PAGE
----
Though Tyler is far from the fashion capitals of the world like New York or Paris, you don’t have to look hard to find evidence of thriving fashion creatives making their mark in the city. Name brands, flashy jewelry, triple-digit price tags and vintage and thrift finds hold prominence in Tyler, despite a long-standing love for casual apparel (Racquet and Jog tee paired with leggings, anyone?).
With social media’s inspiration at the fingertips, anyone can be a fashion influencer, regardless of their style’s popularity or budget. Trends are widespread and offer a variety of looks, even where there is no precedent. Rather than being a means of simply getting dressed, Tyler’s fashion has evolved to include more expressive and even extravagant styles.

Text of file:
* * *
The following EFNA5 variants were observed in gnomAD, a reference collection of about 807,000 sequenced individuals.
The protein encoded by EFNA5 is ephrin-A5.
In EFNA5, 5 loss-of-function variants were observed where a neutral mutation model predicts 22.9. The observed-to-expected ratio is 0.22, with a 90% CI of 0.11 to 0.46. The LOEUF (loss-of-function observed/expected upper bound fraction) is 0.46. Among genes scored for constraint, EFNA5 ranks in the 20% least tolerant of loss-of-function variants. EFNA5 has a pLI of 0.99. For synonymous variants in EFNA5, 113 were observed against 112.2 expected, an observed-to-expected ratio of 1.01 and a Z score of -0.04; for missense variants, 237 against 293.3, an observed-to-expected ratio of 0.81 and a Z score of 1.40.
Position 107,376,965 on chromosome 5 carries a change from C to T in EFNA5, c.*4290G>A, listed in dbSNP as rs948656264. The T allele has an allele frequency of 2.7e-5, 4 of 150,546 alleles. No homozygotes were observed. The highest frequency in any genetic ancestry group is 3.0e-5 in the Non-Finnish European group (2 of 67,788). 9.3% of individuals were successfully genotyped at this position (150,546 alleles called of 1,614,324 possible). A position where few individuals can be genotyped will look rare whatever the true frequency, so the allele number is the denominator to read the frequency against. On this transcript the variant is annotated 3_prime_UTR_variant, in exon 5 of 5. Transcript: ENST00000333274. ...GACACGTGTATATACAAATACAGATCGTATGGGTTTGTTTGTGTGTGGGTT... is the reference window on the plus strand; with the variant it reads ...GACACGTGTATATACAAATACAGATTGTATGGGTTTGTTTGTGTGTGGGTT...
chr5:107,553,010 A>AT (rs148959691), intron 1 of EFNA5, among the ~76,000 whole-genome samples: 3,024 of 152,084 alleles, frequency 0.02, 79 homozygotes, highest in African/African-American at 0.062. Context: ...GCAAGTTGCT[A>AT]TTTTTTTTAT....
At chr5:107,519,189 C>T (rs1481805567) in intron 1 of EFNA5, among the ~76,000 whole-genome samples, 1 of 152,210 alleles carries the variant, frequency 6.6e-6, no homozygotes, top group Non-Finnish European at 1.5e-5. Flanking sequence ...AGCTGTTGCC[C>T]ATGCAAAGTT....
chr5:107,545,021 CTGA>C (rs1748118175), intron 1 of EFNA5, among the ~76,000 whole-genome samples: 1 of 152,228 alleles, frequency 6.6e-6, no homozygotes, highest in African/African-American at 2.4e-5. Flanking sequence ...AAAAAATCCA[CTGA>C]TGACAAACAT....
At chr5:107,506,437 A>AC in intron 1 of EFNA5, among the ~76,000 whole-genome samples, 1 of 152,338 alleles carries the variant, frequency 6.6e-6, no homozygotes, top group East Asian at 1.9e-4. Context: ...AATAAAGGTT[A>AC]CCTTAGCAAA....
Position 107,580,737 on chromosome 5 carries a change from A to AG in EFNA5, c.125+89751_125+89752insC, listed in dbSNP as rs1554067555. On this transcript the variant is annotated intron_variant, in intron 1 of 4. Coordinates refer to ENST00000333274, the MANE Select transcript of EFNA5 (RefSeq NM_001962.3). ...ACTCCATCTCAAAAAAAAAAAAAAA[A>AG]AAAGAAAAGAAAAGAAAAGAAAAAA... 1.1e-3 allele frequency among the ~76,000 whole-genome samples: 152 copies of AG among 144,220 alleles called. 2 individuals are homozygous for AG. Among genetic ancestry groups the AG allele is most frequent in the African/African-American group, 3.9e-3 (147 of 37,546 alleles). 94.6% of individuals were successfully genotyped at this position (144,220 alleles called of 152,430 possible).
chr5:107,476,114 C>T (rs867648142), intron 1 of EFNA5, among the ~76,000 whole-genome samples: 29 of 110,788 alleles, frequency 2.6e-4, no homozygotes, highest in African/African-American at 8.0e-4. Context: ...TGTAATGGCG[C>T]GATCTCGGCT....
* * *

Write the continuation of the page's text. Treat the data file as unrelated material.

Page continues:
To get a scope of Tyler’s fashion scene over time, we spoke with four Tyler residents engaged in the sartorial world. Despite differing opinions on the state of fashion in Tyler, all four agreed: Tyler has room for improvement.
Shelby Mallard, 24, is a fashion influencer living in Tyler. Mallard has trail-blazed Tyler’s fashion scene through her brand, Cowgirl Barbie.
Mallard began marketing Cowgirl Barbie in 2020 by opening an online retail business under the name. Though the business is out of commission, the Cowgirl Barbie aesthetic has become Mallard’s personal look.
Mallard spent a year in Dallas after college before moving back to Tyler. When comparing style in both cities, she noted Tyler’s lack of sartorial expression. In a region where t-shirts and gym shorts are standard errand-running fare, Mallard said living in a larger city gave her more fashion freedom.
“I definitely felt more comfortable wearing what I wanted in Dallas,” she said. “You don’t see people wearing fur coats to grocery shop here.”
Mallard feels the aesthetics, resources and environment of bigger cities allow fashion